@DandyAndFine

Sorry that should be DSD not DSF, they’re penises not sofas Blush


There's a thought!
KateDaviesdsdfamilies · 14/06/2019 12:22

@runningmonkey

Yes they’re A level biologists. The discussions have come up when studying genetics and chromosomes and they have obviously seen reports in the news. They had some lively debate about whether Caster should be able to compete with women (which they agreed that she should) but then wondered if her genetics (they are presuming she has genes which code for extra testosterone) gave a competitive advantage and how other athletes feel about it. The one question was if she has elevated testosterone levels would it have any negative health implications for her?


Hi @runningmonkey, that's fantastic that your students are discussing this! I can't say I know anything about Caster's specific diagnosis, but I think I can safely say that I don't think there are specific genes that code for extra Testosterone. She may have higher levels of testosterone due to a varying degree of androgen sensitivity / insensitivity. However, these increased levels of Testosterone are not harmful to her at all, and in fact is preferable to synthetic HRT which many women take. Many 'intersex' activists are adult women with AIS - Androgen Insensitivity Syndrome - whose gonads were removed at a younger age on the basis of some evidence regarding cancer risks, or even in some cases lying to the girls ("your ovaries are twisted and need removing" has been used). Many women these days would have preferred to have made their own minds up rather than take HRT.
FermatsTheorem · 14/06/2019 12:24

Can I just say a webchat on hypospadias would be brilliant. One of my cousins' sons had hypospadias (mild, opening on the underside of the glans) and in retrospect his parents say they have two main concerns with the way HCPs including the consultants handled the situation.

One was a gung ho "of course you will want this fixed" attitude, with no discussion of pros and cons.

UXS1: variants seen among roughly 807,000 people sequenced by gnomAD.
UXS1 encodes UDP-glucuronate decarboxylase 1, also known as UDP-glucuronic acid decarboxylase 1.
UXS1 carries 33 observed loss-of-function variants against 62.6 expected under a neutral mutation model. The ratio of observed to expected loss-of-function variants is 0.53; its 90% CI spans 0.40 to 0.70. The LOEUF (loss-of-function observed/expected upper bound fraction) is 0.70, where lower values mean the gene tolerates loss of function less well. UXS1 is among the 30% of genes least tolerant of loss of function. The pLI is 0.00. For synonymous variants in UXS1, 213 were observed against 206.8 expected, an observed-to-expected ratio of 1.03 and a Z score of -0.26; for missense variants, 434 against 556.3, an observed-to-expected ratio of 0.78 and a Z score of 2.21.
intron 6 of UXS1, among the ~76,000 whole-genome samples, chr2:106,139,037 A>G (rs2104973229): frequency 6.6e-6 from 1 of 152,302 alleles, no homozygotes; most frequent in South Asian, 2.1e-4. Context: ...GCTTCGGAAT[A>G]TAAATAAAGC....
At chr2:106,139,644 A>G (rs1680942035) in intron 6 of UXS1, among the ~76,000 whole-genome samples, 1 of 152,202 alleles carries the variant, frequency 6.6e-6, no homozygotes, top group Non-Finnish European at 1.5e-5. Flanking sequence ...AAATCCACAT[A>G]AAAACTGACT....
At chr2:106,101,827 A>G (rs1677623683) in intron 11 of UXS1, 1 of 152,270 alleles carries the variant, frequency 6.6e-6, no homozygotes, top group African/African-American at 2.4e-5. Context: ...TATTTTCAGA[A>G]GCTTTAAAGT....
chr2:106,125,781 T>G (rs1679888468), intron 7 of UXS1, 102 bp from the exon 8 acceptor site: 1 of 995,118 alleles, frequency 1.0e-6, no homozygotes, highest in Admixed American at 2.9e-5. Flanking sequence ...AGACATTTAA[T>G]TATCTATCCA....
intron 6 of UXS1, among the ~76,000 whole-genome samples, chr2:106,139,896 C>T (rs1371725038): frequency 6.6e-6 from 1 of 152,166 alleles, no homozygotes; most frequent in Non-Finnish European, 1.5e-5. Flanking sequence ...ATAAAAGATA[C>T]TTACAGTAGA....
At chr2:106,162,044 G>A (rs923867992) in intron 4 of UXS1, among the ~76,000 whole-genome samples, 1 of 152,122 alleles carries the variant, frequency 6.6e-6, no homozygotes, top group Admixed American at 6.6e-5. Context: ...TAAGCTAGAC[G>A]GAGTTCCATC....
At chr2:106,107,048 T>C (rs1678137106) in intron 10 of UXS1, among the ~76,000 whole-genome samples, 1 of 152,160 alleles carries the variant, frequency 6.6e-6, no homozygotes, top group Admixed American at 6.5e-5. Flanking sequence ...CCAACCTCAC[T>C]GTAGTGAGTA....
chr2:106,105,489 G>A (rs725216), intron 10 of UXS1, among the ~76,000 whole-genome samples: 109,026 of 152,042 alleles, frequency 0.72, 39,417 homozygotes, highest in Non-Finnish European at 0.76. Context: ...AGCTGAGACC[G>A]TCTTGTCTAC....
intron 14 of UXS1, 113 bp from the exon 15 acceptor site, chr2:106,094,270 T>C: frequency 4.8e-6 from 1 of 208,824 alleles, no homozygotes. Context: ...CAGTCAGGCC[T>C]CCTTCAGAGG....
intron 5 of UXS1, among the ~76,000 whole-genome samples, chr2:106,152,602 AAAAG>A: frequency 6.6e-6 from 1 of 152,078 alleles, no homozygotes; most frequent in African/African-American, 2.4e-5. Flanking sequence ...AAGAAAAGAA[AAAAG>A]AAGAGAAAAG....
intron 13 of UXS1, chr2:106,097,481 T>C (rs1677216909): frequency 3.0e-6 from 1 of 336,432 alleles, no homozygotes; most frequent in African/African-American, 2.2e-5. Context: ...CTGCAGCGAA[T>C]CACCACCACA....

The other was that all consultations were carried out with the child present so there was no opportunity to ask about things like, for eg, loss of sexual function following surgery.

It's only since the operation that they've become aware of a large school of thought which says"don't operate on children, let them decide as adults", and I also know they get badly rattled by news reports like that of the poor young man who committed suicide after a botched adult circumcision. They still worry if they did the right thing, and feel they were given a very one sided story by HCPs.

KateDaviesdsdfamilies · 14/06/2019 12:27

@Alicethroughtheblackmirror

Thank your for this!

What sort of practical policies and help would you like to see offered to families and children to learn and talk about this?

Do you see the main need as concerning medical rather than identity issues?

Also, do you feel that the case of Semenya has become extremely difficult to judge dispassionately in light of fight over GRA?
It seems, to me, to highlight need for independent voices like yourselves to lobby for these medical conditions to be assessed on their own unique merits rather than subsumed in other groups who may have other priorities.


Thanks for this - lots to think about.
Practical Policies - more openness, discussing in schools, liaising with patient advocacy groups (like us). We advise families of newborns who are born with atypical genitalia, for example, how to tell their wider family and friends what has happened - our leaflet First Days gives excellent advice
KateDaviesdsdfamilies · 14/06/2019 12:35

@Alicethroughtheblackmirror

Thank your for this!

What sort of practical policies and help would you like to see offered to families and children to learn and talk about this?

Do you see the main need as concerning medical rather than identity issues?

Also, do you feel that the case of Semenya has become extremely difficult to judge dispassionately in light of fight over GRA?
It seems, to me, to highlight need for independent voices like yourselves to lobby for these medical conditions to be assessed on their own unique merits rather than subsumed in other groups who may have other priorities.